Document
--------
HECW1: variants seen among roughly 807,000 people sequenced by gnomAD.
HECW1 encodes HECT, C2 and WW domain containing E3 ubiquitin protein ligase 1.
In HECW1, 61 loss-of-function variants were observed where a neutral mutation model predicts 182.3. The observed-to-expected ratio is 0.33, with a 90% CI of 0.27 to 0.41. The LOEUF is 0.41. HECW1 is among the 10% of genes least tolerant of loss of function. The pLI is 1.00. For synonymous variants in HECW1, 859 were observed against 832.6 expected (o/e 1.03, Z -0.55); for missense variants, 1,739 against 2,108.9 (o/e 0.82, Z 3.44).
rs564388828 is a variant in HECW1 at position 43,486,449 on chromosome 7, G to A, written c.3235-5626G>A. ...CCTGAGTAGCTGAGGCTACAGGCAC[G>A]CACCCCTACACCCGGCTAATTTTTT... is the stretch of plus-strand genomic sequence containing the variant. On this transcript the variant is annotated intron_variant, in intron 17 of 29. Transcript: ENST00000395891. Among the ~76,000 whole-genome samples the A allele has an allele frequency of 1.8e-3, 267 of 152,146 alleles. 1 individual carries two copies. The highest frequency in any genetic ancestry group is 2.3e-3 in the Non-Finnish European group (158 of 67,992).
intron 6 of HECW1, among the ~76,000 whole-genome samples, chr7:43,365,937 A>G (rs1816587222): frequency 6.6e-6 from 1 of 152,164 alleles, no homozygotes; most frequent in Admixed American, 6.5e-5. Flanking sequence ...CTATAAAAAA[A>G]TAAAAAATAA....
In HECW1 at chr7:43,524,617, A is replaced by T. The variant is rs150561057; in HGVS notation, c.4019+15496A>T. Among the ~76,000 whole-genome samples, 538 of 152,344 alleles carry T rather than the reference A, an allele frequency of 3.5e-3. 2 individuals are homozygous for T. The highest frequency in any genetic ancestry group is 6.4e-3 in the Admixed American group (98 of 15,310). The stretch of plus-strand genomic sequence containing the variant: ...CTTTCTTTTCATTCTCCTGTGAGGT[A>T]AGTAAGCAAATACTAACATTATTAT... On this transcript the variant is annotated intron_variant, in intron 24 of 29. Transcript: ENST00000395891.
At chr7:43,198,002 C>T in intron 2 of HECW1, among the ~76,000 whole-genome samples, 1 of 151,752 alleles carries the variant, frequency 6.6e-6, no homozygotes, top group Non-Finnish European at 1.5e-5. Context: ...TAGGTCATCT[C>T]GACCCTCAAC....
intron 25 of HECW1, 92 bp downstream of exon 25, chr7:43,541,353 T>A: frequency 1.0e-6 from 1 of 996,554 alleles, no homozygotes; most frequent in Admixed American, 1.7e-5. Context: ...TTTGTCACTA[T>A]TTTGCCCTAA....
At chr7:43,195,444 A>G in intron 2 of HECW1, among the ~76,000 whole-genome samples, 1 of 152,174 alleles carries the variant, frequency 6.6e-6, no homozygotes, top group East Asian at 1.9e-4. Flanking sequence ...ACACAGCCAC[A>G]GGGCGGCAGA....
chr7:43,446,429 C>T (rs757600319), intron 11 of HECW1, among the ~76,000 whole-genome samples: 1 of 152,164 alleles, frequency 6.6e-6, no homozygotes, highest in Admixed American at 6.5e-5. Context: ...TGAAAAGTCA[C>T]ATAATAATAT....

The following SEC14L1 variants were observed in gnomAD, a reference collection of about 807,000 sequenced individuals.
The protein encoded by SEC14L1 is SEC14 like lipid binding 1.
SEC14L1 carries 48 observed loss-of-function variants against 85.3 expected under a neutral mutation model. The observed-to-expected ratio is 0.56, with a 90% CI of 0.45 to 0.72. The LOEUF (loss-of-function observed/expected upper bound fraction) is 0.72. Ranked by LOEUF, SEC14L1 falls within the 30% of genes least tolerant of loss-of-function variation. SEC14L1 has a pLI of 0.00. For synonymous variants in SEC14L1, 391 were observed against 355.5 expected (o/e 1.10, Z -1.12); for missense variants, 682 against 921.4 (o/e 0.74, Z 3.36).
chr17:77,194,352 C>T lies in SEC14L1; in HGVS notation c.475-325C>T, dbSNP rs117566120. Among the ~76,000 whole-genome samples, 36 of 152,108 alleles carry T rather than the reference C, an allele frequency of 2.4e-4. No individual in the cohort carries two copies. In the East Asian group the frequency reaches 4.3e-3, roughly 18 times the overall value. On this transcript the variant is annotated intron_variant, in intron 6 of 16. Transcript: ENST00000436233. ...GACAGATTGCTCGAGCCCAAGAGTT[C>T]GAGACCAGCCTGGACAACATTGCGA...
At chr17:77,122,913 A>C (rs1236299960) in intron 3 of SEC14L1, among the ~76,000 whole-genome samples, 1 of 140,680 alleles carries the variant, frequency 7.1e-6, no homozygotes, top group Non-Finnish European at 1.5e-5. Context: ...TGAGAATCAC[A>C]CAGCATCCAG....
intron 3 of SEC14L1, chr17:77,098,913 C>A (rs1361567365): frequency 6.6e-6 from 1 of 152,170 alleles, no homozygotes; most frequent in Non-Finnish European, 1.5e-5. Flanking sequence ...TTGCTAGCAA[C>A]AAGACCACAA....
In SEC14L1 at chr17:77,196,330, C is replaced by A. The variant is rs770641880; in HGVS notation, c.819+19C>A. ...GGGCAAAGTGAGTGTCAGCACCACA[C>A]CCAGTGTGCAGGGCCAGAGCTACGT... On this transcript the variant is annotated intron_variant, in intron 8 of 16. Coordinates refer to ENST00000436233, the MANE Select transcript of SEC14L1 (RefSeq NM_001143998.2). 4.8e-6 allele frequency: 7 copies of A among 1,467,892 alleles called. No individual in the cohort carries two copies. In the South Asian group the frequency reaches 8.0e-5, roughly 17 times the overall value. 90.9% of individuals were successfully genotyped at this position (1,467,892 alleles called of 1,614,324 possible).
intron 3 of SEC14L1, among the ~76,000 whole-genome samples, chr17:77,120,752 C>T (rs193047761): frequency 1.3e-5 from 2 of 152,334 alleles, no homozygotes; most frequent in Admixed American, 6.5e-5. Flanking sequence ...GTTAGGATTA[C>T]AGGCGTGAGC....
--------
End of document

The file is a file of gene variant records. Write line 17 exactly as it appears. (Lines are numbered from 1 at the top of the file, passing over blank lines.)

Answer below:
In SEC14L1 at chr17:77,196,330, C is replaced by A. The variant is rs770641880; in HGVS notation, c.819+19C>A. ...GGGCAAAGTGAGTGTCAGCACCACA[C>A]CCAGTGTGCAGGGCCAGAGCTACGT... On this transcript the variant is annotated intron_variant, in intron 8 of 16. Coordinates refer to ENST00000436233, the MANE Select transcript of SEC14L1 (RefSeq NM_001143998.2). 4.8e-6 allele frequency: 7 copies of A among 1,467,892 alleles called. No individual in the cohort carries two copies. In the South Asian group the frequency reaches 8.0e-5, roughly 17 times the overall value. 90.9% of individuals were successfully genotyped at this position (1,467,892 alleles called of 1,614,324 possible).